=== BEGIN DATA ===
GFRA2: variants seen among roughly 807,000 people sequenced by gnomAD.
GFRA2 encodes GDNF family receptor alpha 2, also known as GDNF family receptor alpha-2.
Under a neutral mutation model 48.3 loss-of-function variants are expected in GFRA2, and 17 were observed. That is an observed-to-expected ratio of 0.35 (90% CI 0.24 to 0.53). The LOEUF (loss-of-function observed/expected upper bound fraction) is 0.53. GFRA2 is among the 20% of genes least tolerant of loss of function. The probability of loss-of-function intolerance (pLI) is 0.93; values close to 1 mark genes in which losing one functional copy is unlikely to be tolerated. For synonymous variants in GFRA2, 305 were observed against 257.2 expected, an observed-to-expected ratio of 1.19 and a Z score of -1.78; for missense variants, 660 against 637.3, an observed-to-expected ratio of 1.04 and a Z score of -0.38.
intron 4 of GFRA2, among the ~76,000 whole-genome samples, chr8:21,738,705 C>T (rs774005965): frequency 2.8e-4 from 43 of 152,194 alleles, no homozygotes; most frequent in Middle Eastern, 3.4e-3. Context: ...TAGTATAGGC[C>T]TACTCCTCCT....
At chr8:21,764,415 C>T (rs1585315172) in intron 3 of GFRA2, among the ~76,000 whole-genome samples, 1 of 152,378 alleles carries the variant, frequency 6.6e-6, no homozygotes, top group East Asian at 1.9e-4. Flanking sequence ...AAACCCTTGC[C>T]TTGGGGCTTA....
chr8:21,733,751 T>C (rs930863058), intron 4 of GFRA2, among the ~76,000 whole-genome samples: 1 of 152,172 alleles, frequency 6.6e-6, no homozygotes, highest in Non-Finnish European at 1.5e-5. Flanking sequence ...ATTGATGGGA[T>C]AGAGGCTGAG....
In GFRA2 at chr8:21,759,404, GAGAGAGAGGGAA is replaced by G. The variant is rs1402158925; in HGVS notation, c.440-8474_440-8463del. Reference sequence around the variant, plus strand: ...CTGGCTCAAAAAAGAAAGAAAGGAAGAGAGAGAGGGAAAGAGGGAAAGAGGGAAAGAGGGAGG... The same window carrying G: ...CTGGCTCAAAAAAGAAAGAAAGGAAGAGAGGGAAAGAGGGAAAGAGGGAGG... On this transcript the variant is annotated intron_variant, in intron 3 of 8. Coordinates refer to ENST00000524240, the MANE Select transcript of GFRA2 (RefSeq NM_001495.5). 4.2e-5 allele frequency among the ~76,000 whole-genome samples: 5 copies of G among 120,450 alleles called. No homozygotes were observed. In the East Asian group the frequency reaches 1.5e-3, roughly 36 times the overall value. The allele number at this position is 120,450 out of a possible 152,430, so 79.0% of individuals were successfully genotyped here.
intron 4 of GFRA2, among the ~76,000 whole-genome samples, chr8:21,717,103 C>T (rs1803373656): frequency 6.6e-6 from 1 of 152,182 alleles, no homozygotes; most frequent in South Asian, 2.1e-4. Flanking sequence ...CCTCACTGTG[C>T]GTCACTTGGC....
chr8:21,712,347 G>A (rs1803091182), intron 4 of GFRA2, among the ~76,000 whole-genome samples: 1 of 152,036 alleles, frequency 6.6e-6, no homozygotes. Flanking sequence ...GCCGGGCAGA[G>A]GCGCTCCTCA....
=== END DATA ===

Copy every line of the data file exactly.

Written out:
GFRA2: variants seen among roughly 807,000 people sequenced by gnomAD.
GFRA2 encodes GDNF family receptor alpha 2, also known as GDNF family receptor alpha-2.
Under a neutral mutation model 48.3 loss-of-function variants are expected in GFRA2, and 17 were observed. That is an observed-to-expected ratio of 0.35 (90% CI 0.24 to 0.53). The LOEUF (loss-of-function observed/expected upper bound fraction) is 0.53. GFRA2 is among the 20% of genes least tolerant of loss of function. The probability of loss-of-function intolerance (pLI) is 0.93; values close to 1 mark genes in which losing one functional copy is unlikely to be tolerated. For synonymous variants in GFRA2, 305 were observed against 257.2 expected, an observed-to-expected ratio of 1.19 and a Z score of -1.78; for missense variants, 660 against 637.3, an observed-to-expected ratio of 1.04 and a Z score of -0.38.
intron 4 of GFRA2, among the ~76,000 whole-genome samples, chr8:21,738,705 C>T (rs774005965): frequency 2.8e-4 from 43 of 152,194 alleles, no homozygotes; most frequent in Middle Eastern, 3.4e-3. Context: ...TAGTATAGGC[C>T]TACTCCTCCT....
At chr8:21,764,415 C>T (rs1585315172) in intron 3 of GFRA2, among the ~76,000 whole-genome samples, 1 of 152,378 alleles carries the variant, frequency 6.6e-6, no homozygotes, top group East Asian at 1.9e-4. Flanking sequence ...AAACCCTTGC[C>T]TTGGGGCTTA....
chr8:21,733,751 T>C (rs930863058), intron 4 of GFRA2, among the ~76,000 whole-genome samples: 1 of 152,172 alleles, frequency 6.6e-6, no homozygotes, highest in Non-Finnish European at 1.5e-5. Flanking sequence ...ATTGATGGGA[T>C]AGAGGCTGAG....
In GFRA2 at chr8:21,759,404, GAGAGAGAGGGAA is replaced by G. The variant is rs1402158925; in HGVS notation, c.440-8474_440-8463del. Reference sequence around the variant, plus strand: ...CTGGCTCAAAAAAGAAAGAAAGGAAGAGAGAGAGGGAAAGAGGGAAAGAGGGAAAGAGGGAGG... The same window carrying G: ...CTGGCTCAAAAAAGAAAGAAAGGAAGAGAGGGAAAGAGGGAAAGAGGGAGG... On this transcript the variant is annotated intron_variant, in intron 3 of 8. Coordinates refer to ENST00000524240, the MANE Select transcript of GFRA2 (RefSeq NM_001495.5). 4.2e-5 allele frequency among the ~76,000 whole-genome samples: 5 copies of G among 120,450 alleles called. No homozygotes were observed. In the East Asian group the frequency reaches 1.5e-3, roughly 36 times the overall value. The allele number at this position is 120,450 out of a possible 152,430, so 79.0% of individuals were successfully genotyped here.
intron 4 of GFRA2, among the ~76,000 whole-genome samples, chr8:21,717,103 C>T (rs1803373656): frequency 6.6e-6 from 1 of 152,182 alleles, no homozygotes; most frequent in South Asian, 2.1e-4. Flanking sequence ...CCTCACTGTG[C>T]GTCACTTGGC....
chr8:21,712,347 G>A (rs1803091182), intron 4 of GFRA2, among the ~76,000 whole-genome samples: 1 of 152,036 alleles, frequency 6.6e-6, no homozygotes. Flanking sequence ...GCCGGGCAGA[G>A]GCGCTCCTCA....